Earlier this year, Microsoft launched a website that attempted to guess your age based on a photo. Today, it has expanded its recognition software to detect emotion from facial expressions.

The new site, courtesy of Microsoft’s Project Oxford, gives you a read out analyzing the levels of Anger, Contempt, Disgust, Fear, Happiness, Neutral, Sadness, and Surprise expression in the photo.

What Microsoft’s Emotion Demo can’t do, however, is detect your inner turmoil and lingering psychological demons.

I got over 92 percent Neutral. The app can't detect my shame.
I got over 92 percent Neutral. The app can't detect my shame.

The site uses Microsoft’s application program interface (API), the same as it uses for How-Old.net. Ryan Galgon, a senior program manager within Microsoft’s Technology and Research group, said the emotion recognition could become potentially useful to shop owners and marketers who want to gauge customers’ reactions to products and displays.

Inverse's Winston Cook-Wilson is a complicated man, straddled between Happiness and Neutrality.
Inverse's Winston Cook-Wilson is a complicated man, straddled between Happiness and Neutrality.

Microsoft has applied API technology, face verification, speech recognition, spell checking, and more. It’s also undergone more fun ventures, such as MyMoustache.net, which tells you how good your mustache is — or if you even have one. It’s in honor of Movember, the monthlong celebration of mustaches to support prostate cancer research.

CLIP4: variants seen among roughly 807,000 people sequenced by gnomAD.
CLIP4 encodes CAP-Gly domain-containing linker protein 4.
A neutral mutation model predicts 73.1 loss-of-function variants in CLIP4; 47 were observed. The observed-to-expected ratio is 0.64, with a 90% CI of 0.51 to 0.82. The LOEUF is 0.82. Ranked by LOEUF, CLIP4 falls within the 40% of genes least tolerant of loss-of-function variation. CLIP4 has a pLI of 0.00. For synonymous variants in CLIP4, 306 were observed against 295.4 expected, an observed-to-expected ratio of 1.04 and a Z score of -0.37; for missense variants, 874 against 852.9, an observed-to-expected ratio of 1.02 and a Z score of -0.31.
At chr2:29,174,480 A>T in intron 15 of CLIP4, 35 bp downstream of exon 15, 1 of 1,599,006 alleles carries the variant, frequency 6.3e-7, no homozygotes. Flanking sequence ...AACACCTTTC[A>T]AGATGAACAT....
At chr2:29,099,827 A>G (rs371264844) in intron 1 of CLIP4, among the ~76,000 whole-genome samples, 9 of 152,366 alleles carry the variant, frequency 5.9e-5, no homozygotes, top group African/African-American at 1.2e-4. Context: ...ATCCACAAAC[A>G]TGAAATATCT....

I thought it might give me more accurate results than the Emotion API. I was wrong.

Microsoft's MyMoustache.net tells boldface lies.
Microsoft's MyMoustache.net tells boldface lies.

For now, Microsoft’s APIs are fun gimmicks. The Emotion API, for instance, relies heavily on smiles. It can’t really tell you how you’re feeling, just kind of how you look. The mustache app is hopeless, though. Don’t use it.

Photos via Matthew Strauss, Ronald Martinez/Getty Images

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